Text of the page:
Director: Robert Florey
Writer: Charles Beaumont
Cast: Richard Conte, John Larch, and Suzanne Lloyd
Composer: Van Cleave
Air Date: 11/27/1959
Production Code: 173-3616
An emotionally disturbed psychiatric patient named Edward Hall (Richard Conte) relays the source of his anxiety to Dr. Elliot Rathmann (John Larch). According to his own testimony, Edward cannot fall asleep lest a mysterious woman known as Maya (Suzanne Lloyd) frighten him to death.
Similar in premise to A Nightmare on Elm Street, “Perchance to Dream” benefits from a surreal atmosphere to complement the nightmarish reality stemming from Edward’s troubled psyche. That being said, a disjointed execution coupled with a general lack of narrative depth may fail to captivate Twilight Zone enthusiasts who prefer substance over style.
A series of ghoulish props, bizarre camera angles/effects, and haunting visual aspects work to accentuate the unease felt by Edward while traveling through a carnival of horrors with Maya at his side. Also commendable is Richard Conte’s performance, which embodied the distraught qualities of a man unable to break free from the living hell imposed upon him.
The concept of a dream-inhabiting demon attempting to unravel the mind of her intended victim is an interesting one, especially given the alluring but deadly sense of feminine subtlety that Suzanne Lloyd brought to the role; however, as indicated earlier, “Perchance to Dream” never explores such a premise to its full potential (Wes Craven’s aforementioned horror classic, on the other hand, pushes the boundaries of subconscious terror to its cinematic limits while featuring a more menacing antagonist than Maya could ever hope to be). As a result, this episode should be viewed as a mere piece of experimental television without the profundity that one would expect of a typical Charles Beaumont offering.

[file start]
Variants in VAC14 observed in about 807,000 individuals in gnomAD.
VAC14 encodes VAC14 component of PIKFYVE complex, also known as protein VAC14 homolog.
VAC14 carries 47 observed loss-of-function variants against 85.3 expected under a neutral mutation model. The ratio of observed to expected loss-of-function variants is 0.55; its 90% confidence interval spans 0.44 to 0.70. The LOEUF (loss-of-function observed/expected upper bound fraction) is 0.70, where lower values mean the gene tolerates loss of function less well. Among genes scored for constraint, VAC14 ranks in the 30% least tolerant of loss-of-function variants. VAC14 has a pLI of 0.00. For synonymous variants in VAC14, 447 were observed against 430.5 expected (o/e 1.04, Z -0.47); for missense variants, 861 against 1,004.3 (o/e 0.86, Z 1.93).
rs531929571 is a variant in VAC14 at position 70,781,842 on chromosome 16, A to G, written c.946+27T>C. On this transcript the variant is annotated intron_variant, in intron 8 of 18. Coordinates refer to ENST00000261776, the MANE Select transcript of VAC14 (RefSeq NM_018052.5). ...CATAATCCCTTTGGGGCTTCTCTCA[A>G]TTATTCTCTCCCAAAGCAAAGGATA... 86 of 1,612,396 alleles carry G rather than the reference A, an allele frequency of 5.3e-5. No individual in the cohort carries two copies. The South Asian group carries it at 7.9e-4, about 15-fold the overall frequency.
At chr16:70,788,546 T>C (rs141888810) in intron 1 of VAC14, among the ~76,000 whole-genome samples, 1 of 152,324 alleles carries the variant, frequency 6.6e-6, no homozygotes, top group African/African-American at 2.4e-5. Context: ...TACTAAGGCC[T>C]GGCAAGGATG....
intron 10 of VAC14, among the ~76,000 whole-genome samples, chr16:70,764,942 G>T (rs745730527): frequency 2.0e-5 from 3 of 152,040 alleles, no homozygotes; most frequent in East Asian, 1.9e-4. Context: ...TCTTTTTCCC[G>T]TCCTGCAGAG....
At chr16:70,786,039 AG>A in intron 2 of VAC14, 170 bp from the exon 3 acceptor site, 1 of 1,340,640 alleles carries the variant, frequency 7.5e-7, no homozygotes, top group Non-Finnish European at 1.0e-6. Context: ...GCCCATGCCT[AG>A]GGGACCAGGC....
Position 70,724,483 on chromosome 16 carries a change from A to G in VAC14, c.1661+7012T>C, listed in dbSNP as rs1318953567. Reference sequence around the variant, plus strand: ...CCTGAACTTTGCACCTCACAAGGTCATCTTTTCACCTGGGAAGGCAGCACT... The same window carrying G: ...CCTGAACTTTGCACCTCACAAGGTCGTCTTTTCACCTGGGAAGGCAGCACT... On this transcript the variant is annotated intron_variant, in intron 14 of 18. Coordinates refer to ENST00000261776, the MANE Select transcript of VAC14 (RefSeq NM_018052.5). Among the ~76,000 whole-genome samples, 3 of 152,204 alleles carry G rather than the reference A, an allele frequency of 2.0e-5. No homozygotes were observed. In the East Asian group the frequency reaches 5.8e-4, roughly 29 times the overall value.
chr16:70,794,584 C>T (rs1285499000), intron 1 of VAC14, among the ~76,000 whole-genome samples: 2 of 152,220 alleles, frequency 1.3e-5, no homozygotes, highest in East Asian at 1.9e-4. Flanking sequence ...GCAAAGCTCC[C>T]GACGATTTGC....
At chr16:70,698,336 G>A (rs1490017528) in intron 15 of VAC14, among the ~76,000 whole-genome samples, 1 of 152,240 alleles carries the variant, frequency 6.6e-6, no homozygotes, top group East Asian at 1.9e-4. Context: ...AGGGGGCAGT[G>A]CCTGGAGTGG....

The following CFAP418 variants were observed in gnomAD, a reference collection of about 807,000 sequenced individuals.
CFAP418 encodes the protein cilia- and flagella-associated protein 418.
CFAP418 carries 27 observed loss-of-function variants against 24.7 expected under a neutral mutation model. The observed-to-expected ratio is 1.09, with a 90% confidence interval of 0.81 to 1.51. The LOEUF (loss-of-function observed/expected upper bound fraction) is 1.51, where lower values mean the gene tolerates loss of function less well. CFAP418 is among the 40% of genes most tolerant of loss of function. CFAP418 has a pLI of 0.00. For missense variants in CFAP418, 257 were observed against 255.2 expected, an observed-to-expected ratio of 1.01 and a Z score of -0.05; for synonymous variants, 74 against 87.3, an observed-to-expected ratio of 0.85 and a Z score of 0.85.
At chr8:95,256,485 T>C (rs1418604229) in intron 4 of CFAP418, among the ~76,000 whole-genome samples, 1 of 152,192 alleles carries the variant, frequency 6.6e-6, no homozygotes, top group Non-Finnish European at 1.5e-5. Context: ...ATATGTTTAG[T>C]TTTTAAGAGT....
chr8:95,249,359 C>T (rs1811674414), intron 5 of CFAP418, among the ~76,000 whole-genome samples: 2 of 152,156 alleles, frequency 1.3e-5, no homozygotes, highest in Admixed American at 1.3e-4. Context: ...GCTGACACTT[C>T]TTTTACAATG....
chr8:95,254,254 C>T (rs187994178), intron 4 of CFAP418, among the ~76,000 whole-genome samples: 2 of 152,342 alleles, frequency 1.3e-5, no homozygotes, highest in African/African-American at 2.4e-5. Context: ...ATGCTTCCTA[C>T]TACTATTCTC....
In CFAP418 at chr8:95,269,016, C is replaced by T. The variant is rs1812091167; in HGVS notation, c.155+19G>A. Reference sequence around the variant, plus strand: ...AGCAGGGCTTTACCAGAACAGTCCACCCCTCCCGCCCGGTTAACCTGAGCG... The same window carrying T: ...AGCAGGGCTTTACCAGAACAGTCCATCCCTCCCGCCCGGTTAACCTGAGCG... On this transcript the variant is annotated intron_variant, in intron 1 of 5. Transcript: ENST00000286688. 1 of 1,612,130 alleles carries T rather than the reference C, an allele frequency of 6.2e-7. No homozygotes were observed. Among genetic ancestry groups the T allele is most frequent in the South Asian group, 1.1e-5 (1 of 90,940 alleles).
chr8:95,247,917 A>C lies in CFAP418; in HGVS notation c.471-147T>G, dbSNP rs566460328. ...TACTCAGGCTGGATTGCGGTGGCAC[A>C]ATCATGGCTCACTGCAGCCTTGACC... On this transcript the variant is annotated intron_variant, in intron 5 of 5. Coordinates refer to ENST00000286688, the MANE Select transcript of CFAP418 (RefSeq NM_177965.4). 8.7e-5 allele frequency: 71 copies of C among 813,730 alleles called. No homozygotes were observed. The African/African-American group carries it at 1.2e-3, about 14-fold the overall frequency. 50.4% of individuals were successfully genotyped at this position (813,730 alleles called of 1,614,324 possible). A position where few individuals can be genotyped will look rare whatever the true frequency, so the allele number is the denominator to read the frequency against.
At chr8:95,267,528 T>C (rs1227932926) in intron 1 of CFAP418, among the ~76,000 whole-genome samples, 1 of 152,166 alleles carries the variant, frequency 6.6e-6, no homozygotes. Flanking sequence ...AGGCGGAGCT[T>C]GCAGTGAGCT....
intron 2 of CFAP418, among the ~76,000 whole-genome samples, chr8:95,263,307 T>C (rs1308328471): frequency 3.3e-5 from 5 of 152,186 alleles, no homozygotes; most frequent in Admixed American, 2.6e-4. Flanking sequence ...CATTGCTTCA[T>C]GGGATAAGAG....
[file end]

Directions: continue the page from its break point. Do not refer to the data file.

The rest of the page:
At its core, “Perchance to Dream” is a commentary on the devastation that can ensue if people allow their fears to go unconquered for too great a period of time. By staying awake indefinitely and thereby prolonging the inevitable, the protagonist ultimately fails to muster the inner strength required to defeat his personal demons; in contrast, a less cowardly approach might have enabled Edward to realize that he alone had the power to govern his thoughts and emotions, in which case Maya would have no doubt lost her hold over him.
“Perchance to Dream” combines an ominous tone with the remarkable acting of Conte and Lloyd, thus compensating for any underdeveloped plot elements. Fans of The Twilight Zone are therefore advised to view this entry, even though an absence of insight concerning the human condition may disappoint audiences of an intellectual disposition.
Overall Quality: 6/10
If you enjoyed this post, please click the follow button or enter your email address in the subscription box to stay tuned for more updates.